Geneva, 3 March 2008 – Serbia’s Foreign Minister Monday denounced what he branded the cultural and ethnic cleansing of his kinsmen and other minorities in Kosovo since NATO military action drove out Serb forces in 1999.”Hundreds of thousands of Kosovo Serbs, Roma, Bosniaks and others were ethnically cleansed…hundreds have been killed, and thousands more disappeared without a trace,” Vuk Jeremic told the U.N. Human Rights Council.
Kosovo is regarded by many Serbs as the cradle of their civilization, but by the 1990s its population was 90% ethnic Albanian and the province was gripped by fierce fighting between nationalist rebels and Serb forces.
NATO intervened after Serb forces under the command of late President Slobodan Milosevic were accused of atrocities against ethnic Albanians.
Jeremic said this sparked a wave of revenge attacks against Serbs and other minorities, the effects of which are still felt today.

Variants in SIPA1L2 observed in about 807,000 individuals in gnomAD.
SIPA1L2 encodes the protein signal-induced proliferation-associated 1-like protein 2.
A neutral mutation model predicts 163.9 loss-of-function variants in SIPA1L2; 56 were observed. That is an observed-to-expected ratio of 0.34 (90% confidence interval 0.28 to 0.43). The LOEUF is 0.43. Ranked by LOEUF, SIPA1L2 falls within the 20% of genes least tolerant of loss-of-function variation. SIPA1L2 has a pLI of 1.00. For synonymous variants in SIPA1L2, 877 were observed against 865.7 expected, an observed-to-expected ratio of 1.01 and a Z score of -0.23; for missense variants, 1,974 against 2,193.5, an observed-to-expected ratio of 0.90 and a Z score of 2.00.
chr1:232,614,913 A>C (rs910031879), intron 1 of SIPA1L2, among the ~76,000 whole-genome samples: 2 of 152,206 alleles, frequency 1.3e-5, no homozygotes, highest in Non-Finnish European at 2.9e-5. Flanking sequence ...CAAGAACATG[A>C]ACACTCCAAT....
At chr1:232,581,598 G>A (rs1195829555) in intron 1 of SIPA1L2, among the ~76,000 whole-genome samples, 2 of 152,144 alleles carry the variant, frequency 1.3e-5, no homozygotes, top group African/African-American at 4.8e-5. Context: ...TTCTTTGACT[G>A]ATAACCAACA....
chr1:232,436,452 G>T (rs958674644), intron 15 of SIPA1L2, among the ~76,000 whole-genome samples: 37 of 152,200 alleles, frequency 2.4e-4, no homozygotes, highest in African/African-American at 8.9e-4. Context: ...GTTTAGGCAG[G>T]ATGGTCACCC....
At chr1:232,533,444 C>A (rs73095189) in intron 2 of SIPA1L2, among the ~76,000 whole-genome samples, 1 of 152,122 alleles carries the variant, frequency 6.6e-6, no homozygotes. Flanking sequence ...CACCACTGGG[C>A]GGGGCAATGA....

“Less than 8% of the estimated 250,000 Kosovo Serb IDPs (internally displaced people) have returned to their homes,” he said.
He noted that the U.N. refugee agency “warns that Kosovo Serbs, Roma and others risk persecution if they return to areas in which they would be a minority.”
After nearly a decade under U.N. administration, Kosovo unilaterally declared independence on Feb. 17, sparking fury in Belgrade which still regards it as part of Serbia.
“We will never recognize an independent Kosovo,” Jeremic said.
“We will employ all diplomatic and political means at our disposal to hinder, obstruct and ultimately reverse the unilateral, illegal and illegitimate declaration of independence of our southern province,” he said.